Shady Hill School delivers: A commitment to diversity
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What impact can an independent elementary school have on one’s later life? My 22 years at Shady Hill School (SHS) have convinced me that these years are precious. One of the hallmarks of an independent-school education is the focus on the individual child and helping children blossom. Engagement, confidence, perseverance, ethical thinking, and mindfulness: for 100 years, Shady Hill has instilled these lifelong traits, believing that it is important for children to internalize them early on.
Our graduates of color tell me again and again how their Shady Hill experience set them on a richly rewarding life journey. Our Head of School, Mark Stanek, recently spoke with SHS alum and Boston Art Commission Board member Ekua Holmes, who entered here in the fourth grade. “I consider my Shady Hill education to be one of the pillars of my life. Teachers taught to the student rather that expecting the student to fit into a preconceived ideal. I felt so supported there that I know it helped me to get my direction and to blossom a lot faster.”
Shady Hill is an independent elementary school with about 500 students in pre-kindergarten (age 4) through eighth grade. The school is committed to stewarding a rich, multicultural curriculum and a diverse, inclusive community. As Director of Inclusion and Multicultural Practice, I help shape SHS’s social justice through-lines and ongoing dialogue. I am energized by the way we work to ensure that each student succeeds here at Shady Hill.
So what does this inclusion and multicultural practice look like? Shady Hill enrolled its first students of color in the 1930’s and has worked unceasingly to increase the diversity of its student body. Diversity is a pillar of the School’s Strategic Plan—we regularly assess school policies and practices related to the many facets of diversity, and the community regularly engages in dialog about issues of race and class. We have several outreach programs in place to hire more faculty of color. We strive to increase the number of faculty of color to mirror the make-up of our student body, where 34% self-identify as students of color. Our teachers pursue professional development focused on cultivating a diverse community. Each year, we send faculty to the People of Color Conference and students and faculty to the Gay, Lesbian, Straight Education Network conference, among others. Our affinity groups for adoptive families, GLBT families, and students and families of color are a very active part of our community. Diversity at Shady Hill, a decades-old parent group, provides advocacy and guidance aligned with our diversity and multicultural goals. The fact that two of the co-chairs are alumni of color speaks to how generations of families return to Shady Hill and enrich the community by sharing their perspectives in meaningful ways. As a tuition-charging institution, we are committed to making our program accessible to families representing a wide range of financial circumstances. Our $2.1 million financial-aid program ensures this access.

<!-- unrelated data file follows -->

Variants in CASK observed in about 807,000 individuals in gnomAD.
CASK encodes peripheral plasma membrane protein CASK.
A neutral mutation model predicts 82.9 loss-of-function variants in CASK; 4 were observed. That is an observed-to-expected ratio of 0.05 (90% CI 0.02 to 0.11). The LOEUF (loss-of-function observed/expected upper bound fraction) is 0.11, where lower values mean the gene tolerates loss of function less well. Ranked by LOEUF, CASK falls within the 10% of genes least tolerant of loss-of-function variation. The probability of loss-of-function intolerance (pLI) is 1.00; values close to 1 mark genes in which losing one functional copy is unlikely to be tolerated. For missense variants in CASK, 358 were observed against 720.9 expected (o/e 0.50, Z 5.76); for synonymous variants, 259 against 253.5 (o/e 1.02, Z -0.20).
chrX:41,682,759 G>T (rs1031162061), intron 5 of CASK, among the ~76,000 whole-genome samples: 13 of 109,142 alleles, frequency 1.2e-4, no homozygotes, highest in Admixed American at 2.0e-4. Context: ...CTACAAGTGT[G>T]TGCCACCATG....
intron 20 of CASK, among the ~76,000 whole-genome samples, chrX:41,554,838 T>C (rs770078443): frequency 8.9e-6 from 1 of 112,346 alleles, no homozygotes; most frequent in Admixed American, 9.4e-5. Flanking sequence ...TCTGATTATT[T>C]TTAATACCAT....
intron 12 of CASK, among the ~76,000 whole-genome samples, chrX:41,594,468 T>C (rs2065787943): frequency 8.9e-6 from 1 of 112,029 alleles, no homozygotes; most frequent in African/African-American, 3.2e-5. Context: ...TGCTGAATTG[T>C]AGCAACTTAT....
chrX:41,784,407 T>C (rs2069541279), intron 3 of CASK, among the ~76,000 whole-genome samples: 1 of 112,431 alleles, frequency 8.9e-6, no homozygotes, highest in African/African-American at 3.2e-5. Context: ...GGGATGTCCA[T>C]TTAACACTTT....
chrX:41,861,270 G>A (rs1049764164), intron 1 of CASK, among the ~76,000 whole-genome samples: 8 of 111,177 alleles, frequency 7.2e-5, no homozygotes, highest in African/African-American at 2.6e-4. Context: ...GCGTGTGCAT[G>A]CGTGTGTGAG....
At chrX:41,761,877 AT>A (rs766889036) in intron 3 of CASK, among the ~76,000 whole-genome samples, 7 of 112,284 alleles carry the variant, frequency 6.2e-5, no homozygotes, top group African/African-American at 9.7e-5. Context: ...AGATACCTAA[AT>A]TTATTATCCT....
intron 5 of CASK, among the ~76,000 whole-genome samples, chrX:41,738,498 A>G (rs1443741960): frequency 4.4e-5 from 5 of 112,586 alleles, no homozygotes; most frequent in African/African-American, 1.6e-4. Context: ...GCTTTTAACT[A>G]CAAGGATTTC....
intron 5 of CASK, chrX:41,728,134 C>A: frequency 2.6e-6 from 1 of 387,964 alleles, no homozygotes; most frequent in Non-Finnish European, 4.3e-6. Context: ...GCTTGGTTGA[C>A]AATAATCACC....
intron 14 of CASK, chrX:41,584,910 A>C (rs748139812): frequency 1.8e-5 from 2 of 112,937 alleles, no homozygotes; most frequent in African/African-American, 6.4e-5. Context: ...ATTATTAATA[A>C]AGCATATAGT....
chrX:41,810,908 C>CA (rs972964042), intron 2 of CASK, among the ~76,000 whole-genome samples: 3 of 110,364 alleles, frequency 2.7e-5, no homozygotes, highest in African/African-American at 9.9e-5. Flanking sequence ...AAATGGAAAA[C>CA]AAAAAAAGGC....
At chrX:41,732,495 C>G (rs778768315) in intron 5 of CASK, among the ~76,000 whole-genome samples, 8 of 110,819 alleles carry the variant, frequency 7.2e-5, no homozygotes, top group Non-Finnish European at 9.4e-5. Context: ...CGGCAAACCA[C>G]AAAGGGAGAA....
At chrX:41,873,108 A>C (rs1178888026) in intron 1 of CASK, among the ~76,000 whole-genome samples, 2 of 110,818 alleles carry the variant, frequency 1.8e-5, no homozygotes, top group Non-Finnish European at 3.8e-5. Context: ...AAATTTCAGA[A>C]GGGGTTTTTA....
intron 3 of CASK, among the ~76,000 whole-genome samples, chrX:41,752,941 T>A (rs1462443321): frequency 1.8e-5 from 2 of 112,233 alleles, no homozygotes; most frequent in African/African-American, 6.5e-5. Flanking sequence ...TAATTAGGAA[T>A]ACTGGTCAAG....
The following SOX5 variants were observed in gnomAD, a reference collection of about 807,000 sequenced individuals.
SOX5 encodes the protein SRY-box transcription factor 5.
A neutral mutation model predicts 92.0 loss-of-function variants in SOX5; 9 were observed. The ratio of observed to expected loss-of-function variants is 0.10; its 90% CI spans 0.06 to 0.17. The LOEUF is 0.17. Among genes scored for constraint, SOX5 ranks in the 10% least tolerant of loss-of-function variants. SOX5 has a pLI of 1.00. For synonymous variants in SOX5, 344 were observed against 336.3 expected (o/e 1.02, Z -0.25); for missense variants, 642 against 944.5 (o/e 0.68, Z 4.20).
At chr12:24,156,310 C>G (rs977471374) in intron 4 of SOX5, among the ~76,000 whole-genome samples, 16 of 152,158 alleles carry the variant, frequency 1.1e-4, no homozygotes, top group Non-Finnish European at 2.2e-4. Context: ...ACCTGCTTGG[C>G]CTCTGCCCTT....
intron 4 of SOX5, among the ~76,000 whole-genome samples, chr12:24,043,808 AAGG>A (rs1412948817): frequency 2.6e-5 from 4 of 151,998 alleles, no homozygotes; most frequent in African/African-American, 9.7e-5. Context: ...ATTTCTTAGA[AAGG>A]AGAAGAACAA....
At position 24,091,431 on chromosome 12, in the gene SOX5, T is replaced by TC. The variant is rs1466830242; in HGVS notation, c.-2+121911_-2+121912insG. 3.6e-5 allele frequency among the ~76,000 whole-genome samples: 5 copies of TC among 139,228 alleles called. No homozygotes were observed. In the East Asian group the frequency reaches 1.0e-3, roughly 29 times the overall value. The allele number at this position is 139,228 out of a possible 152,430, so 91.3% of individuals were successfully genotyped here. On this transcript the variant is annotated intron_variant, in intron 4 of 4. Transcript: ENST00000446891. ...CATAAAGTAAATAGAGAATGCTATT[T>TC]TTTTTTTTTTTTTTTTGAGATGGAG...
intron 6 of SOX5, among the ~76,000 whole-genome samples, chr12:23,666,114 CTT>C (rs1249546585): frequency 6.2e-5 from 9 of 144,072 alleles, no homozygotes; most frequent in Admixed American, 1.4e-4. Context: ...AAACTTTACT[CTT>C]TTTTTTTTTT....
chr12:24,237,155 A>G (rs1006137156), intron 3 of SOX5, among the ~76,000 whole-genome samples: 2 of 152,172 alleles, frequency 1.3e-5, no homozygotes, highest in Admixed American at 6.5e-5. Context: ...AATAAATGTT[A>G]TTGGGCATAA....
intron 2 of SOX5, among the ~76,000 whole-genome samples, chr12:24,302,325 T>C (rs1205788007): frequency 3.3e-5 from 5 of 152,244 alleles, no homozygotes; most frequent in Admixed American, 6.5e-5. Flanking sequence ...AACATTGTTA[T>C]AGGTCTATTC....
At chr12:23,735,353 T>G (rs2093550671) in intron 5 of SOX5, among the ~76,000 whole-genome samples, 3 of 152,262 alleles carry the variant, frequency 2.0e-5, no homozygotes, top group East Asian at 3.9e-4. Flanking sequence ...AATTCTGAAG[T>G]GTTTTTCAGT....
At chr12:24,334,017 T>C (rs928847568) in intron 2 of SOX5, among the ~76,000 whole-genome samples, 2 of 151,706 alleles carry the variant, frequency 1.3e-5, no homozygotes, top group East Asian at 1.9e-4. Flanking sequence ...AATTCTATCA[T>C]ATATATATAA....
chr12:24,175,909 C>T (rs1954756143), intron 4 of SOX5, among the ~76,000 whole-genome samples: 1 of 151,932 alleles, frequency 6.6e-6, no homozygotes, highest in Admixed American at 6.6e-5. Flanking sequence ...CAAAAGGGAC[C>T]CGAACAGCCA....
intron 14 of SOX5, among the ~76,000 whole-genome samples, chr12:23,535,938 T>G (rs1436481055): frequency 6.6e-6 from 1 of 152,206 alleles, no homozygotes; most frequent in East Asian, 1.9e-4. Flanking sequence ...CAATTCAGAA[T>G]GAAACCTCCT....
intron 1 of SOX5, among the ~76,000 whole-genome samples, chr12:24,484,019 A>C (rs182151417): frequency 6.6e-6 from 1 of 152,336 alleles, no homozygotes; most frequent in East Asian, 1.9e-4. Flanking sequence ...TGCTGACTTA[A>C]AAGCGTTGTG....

Ekua Holmes, reflecting on her years at Shady Hill, highlighted key features that were true when the school began in 1915, that were true when she was enrolled here in the 1970’s, and are still true today. “I loved working with my teachers because they always answered my questions with questions and made me think about what I was doing rather than telling me what I should be doing. They also found ways to make me shine. Having places where I could shine helped me find my place at Shady Hill and in life. Shady Hill touched me in so many ways. For me it was a world of dreams and aspirations.”
Is Shady Hill right for your child? Come find out. Our Open Houses (Lower School, Sunday October 25 and Middle School, Tuesday November 10) will give you an overview of our program and community. To glimpse the school in action, schedule a parent visit with the Admission Office. These are offered weekdays from October to January.